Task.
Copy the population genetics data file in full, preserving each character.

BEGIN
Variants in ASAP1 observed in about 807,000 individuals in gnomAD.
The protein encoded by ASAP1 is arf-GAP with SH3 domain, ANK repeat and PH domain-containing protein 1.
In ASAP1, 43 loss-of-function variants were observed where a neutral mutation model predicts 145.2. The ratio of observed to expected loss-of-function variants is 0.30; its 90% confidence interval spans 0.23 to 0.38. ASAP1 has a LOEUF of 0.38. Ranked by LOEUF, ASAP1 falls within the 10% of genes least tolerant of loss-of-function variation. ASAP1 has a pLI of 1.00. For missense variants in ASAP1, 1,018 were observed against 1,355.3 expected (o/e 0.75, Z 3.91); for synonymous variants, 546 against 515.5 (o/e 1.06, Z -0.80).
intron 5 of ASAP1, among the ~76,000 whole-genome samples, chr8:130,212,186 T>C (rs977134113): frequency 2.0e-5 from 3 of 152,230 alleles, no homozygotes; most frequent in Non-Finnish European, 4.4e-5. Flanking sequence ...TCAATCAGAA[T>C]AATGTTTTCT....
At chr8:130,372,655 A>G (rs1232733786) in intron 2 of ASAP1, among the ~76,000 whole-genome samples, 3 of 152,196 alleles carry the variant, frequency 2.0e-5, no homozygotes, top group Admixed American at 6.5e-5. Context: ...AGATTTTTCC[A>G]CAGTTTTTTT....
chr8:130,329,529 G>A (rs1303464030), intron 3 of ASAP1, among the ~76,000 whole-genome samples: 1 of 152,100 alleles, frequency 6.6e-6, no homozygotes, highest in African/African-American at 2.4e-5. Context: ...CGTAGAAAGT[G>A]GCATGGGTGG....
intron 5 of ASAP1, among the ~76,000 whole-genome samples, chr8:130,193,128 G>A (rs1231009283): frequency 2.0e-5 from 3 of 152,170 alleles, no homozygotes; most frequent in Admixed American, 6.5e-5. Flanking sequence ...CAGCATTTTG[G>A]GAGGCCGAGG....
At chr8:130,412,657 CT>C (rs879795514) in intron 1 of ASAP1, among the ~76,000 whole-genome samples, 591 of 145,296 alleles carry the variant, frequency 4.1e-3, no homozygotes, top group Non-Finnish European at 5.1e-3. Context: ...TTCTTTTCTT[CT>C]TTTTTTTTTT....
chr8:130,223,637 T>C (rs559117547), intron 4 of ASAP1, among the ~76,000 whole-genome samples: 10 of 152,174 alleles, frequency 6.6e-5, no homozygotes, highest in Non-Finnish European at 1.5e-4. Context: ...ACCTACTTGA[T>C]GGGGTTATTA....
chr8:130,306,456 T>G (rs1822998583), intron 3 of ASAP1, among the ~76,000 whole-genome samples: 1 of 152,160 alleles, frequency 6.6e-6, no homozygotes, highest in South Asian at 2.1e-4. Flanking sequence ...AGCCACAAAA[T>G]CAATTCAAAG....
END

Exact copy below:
Variants in ASAP1 observed in about 807,000 individuals in gnomAD.
The protein encoded by ASAP1 is arf-GAP with SH3 domain, ANK repeat and PH domain-containing protein 1.
In ASAP1, 43 loss-of-function variants were observed where a neutral mutation model predicts 145.2. The ratio of observed to expected loss-of-function variants is 0.30; its 90% confidence interval spans 0.23 to 0.38. ASAP1 has a LOEUF of 0.38. Ranked by LOEUF, ASAP1 falls within the 10% of genes least tolerant of loss-of-function variation. ASAP1 has a pLI of 1.00. For missense variants in ASAP1, 1,018 were observed against 1,355.3 expected (o/e 0.75, Z 3.91); for synonymous variants, 546 against 515.5 (o/e 1.06, Z -0.80).
intron 5 of ASAP1, among the ~76,000 whole-genome samples, chr8:130,212,186 T>C (rs977134113): frequency 2.0e-5 from 3 of 152,230 alleles, no homozygotes; most frequent in Non-Finnish European, 4.4e-5. Flanking sequence ...TCAATCAGAA[T>C]AATGTTTTCT....
At chr8:130,372,655 A>G (rs1232733786) in intron 2 of ASAP1, among the ~76,000 whole-genome samples, 3 of 152,196 alleles carry the variant, frequency 2.0e-5, no homozygotes, top group Admixed American at 6.5e-5. Context: ...AGATTTTTCC[A>G]CAGTTTTTTT....
chr8:130,329,529 G>A (rs1303464030), intron 3 of ASAP1, among the ~76,000 whole-genome samples: 1 of 152,100 alleles, frequency 6.6e-6, no homozygotes, highest in African/African-American at 2.4e-5. Context: ...CGTAGAAAGT[G>A]GCATGGGTGG....
intron 5 of ASAP1, among the ~76,000 whole-genome samples, chr8:130,193,128 G>A (rs1231009283): frequency 2.0e-5 from 3 of 152,170 alleles, no homozygotes; most frequent in Admixed American, 6.5e-5. Flanking sequence ...CAGCATTTTG[G>A]GAGGCCGAGG....
At chr8:130,412,657 CT>C (rs879795514) in intron 1 of ASAP1, among the ~76,000 whole-genome samples, 591 of 145,296 alleles carry the variant, frequency 4.1e-3, no homozygotes, top group Non-Finnish European at 5.1e-3. Context: ...TTCTTTTCTT[CT>C]TTTTTTTTTT....
chr8:130,223,637 T>C (rs559117547), intron 4 of ASAP1, among the ~76,000 whole-genome samples: 10 of 152,174 alleles, frequency 6.6e-5, no homozygotes, highest in Non-Finnish European at 1.5e-4. Context: ...ACCTACTTGA[T>C]GGGGTTATTA....
chr8:130,306,456 T>G (rs1822998583), intron 3 of ASAP1, among the ~76,000 whole-genome samples: 1 of 152,160 alleles, frequency 6.6e-6, no homozygotes, highest in South Asian at 2.1e-4. Flanking sequence ...AGCCACAAAA[T>G]CAATTCAAAG....